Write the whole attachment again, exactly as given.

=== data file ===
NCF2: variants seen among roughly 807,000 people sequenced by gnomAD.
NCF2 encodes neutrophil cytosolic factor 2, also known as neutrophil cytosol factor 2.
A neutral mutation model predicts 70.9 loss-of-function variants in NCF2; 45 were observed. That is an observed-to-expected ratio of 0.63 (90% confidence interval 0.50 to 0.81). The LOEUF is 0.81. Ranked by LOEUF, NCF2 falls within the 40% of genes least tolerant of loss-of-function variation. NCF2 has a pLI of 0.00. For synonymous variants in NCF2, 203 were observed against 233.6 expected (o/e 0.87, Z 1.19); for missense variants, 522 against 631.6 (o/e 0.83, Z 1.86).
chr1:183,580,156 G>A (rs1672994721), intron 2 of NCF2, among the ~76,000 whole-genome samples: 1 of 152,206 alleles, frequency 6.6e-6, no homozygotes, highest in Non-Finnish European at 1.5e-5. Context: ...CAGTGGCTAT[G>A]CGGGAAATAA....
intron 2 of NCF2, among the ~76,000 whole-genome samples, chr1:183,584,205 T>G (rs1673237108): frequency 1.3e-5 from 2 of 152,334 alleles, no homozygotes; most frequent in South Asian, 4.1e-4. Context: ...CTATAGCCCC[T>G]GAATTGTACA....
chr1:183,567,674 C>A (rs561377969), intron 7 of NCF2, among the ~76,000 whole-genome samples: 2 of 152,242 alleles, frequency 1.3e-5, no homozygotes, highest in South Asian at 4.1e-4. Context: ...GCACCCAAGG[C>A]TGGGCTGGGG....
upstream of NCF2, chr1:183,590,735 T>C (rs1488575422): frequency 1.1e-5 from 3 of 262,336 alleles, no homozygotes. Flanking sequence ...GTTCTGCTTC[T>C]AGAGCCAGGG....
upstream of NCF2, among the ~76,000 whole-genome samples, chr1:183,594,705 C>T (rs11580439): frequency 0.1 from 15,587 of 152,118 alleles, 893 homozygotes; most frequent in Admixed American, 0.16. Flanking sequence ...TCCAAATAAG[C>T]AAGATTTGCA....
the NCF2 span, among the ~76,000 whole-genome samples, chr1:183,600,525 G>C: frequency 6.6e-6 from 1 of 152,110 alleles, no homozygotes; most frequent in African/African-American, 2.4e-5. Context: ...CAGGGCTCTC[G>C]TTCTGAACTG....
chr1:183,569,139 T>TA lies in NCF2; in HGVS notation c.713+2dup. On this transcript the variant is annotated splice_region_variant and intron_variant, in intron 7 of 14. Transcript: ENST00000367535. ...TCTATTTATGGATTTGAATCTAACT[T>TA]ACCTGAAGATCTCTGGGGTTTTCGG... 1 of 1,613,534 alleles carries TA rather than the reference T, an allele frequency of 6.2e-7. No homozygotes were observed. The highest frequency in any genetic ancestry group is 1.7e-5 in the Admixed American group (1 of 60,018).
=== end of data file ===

NCF2: variants seen among roughly 807,000 people sequenced by gnomAD.
NCF2 encodes neutrophil cytosolic factor 2, also known as neutrophil cytosol factor 2.
A neutral mutation model predicts 70.9 loss-of-function variants in NCF2; 45 were observed. That is an observed-to-expected ratio of 0.63 (90% confidence interval 0.50 to 0.81). The LOEUF is 0.81. Ranked by LOEUF, NCF2 falls within the 40% of genes least tolerant of loss-of-function variation. NCF2 has a pLI of 0.00. For synonymous variants in NCF2, 203 were observed against 233.6 expected (o/e 0.87, Z 1.19); for missense variants, 522 against 631.6 (o/e 0.83, Z 1.86).
chr1:183,580,156 G>A (rs1672994721), intron 2 of NCF2, among the ~76,000 whole-genome samples: 1 of 152,206 alleles, frequency 6.6e-6, no homozygotes, highest in Non-Finnish European at 1.5e-5. Context: ...CAGTGGCTAT[G>A]CGGGAAATAA....
intron 2 of NCF2, among the ~76,000 whole-genome samples, chr1:183,584,205 T>G (rs1673237108): frequency 1.3e-5 from 2 of 152,334 alleles, no homozygotes; most frequent in South Asian, 4.1e-4. Context: ...CTATAGCCCC[T>G]GAATTGTACA....
chr1:183,567,674 C>A (rs561377969), intron 7 of NCF2, among the ~76,000 whole-genome samples: 2 of 152,242 alleles, frequency 1.3e-5, no homozygotes, highest in South Asian at 4.1e-4. Context: ...GCACCCAAGG[C>A]TGGGCTGGGG....
upstream of NCF2, chr1:183,590,735 T>C (rs1488575422): frequency 1.1e-5 from 3 of 262,336 alleles, no homozygotes. Flanking sequence ...GTTCTGCTTC[T>C]AGAGCCAGGG....
upstream of NCF2, among the ~76,000 whole-genome samples, chr1:183,594,705 C>T (rs11580439): frequency 0.1 from 15,587 of 152,118 alleles, 893 homozygotes; most frequent in Admixed American, 0.16. Flanking sequence ...TCCAAATAAG[C>T]AAGATTTGCA....
the NCF2 span, among the ~76,000 whole-genome samples, chr1:183,600,525 G>C: frequency 6.6e-6 from 1 of 152,110 alleles, no homozygotes; most frequent in African/African-American, 2.4e-5. Context: ...CAGGGCTCTC[G>C]TTCTGAACTG....
chr1:183,569,139 T>TA lies in NCF2; in HGVS notation c.713+2dup. On this transcript the variant is annotated splice_region_variant and intron_variant, in intron 7 of 14. Transcript: ENST00000367535. ...TCTATTTATGGATTTGAATCTAACT[T>TA]ACCTGAAGATCTCTGGGGTTTTCGG... 1 of 1,613,534 alleles carries TA rather than the reference T, an allele frequency of 6.2e-7. No homozygotes were observed. The highest frequency in any genetic ancestry group is 1.7e-5 in the Admixed American group (1 of 60,018).